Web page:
The Azores
Deep in the Atlantic Ocean, closer to Europe than to North America, lies a group of islands steeped in history, thanks to their strategic location. Sir Francis Drake used them as a launchpad for raiding Spanish ships returning from the Americas with treasure. Vasco da Gama stopped here to catch his breath on his return journey from India. Even Magellan's crew, on their groundbreaking circumnavigation of the globe, paused here before heading back to Spain. Other renowned explorers like Christopher Columbus and Sir Walter Raleigh also sought refuge in these islands to regroup and recover.
This archipelago, known as the Azores (or Açores in Portuguese), was officially discovered by the Portuguese in the 15th century, although evidence suggests it was known to earlier civilizations. Maps dating back to the 14th century, such as the Catalan Atlas, depict islands in the same general vicinity.
When you visit São Miguel, the main island, and watch a sunset from its westernmost point, Mosteiros, you begin to grasp how these islands were formed. The coastal black rocks, which create natural pools, are remnants of lava flows into the ocean, showcasing their volcanic origins. Some islands in the Azores still boast active volcanoes. On São Miguel, places like the town of Furnas highlight ongoing magmatic activity with its hot springs and the unmistakable scent of sulfur. This volcanic activity renders the islands incredibly lush, filled with verdant parks and scenic viewpoints. São Miguel even boasts Europe's only tea plantations, Gorreana and Porto Formoso, in operation since the 19th century. The island feels like a vast botanical garden adorned with Portuguese tiles and charm.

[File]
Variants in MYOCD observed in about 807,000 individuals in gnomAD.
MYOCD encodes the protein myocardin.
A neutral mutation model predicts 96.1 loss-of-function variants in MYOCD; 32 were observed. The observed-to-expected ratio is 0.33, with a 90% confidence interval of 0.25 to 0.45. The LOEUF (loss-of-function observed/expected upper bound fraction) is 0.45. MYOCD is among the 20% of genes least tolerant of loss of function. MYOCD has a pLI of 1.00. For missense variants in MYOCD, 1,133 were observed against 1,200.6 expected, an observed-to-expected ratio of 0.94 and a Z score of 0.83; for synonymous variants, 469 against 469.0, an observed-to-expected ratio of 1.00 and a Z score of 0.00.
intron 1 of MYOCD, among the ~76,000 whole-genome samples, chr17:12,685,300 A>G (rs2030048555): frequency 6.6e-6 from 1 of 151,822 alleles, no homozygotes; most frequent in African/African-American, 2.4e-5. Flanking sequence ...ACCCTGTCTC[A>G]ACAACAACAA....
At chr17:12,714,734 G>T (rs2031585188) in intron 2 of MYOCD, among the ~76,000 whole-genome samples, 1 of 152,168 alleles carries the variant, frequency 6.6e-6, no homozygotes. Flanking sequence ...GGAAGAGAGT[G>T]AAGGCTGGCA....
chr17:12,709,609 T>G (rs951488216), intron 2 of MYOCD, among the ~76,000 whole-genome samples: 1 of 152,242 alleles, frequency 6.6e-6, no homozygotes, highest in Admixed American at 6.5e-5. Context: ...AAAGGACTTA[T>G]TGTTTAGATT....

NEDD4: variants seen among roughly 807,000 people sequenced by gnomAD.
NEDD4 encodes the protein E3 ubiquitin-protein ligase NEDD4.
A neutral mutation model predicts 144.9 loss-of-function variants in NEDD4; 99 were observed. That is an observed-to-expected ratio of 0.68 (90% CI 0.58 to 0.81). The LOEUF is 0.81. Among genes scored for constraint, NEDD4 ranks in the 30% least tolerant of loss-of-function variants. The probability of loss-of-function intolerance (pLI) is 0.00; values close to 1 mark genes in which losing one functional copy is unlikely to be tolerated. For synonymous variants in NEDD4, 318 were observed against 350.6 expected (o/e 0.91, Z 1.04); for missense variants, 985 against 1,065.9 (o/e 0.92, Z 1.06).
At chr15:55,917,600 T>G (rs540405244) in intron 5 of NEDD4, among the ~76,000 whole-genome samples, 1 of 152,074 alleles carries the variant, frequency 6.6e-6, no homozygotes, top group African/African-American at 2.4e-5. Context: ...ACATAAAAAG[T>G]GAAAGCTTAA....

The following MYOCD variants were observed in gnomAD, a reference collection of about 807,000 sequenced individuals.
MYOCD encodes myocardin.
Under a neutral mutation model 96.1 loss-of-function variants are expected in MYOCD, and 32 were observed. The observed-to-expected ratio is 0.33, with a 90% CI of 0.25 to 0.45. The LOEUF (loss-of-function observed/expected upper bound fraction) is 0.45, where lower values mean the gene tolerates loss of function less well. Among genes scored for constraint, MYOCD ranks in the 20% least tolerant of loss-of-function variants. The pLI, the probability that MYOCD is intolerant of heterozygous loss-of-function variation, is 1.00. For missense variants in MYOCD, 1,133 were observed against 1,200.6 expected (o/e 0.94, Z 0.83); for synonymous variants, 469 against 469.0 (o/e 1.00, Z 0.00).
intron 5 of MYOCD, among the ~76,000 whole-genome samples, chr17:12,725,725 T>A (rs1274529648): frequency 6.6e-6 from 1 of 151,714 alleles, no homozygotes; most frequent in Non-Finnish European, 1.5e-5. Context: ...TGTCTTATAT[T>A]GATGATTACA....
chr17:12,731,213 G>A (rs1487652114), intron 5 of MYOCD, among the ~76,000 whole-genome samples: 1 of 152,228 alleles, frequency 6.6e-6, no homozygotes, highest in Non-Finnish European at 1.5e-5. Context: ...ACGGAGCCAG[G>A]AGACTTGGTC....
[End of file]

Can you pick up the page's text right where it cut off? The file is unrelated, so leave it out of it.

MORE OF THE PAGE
One of the Azores' most captivating features is the natural swimming pools etched into the rocks by the ocean. These pools, some warmed by hot springs flowing into the sea, make swimming in the chilly Atlantic a delightful experience. And the sunsets are simply breathtaking! The vibrant colors and the way light reflects off the ocean seem to stretch into infinity. Watching the sun dip below the horizon here, you truly feel like you're at the edge of the world.
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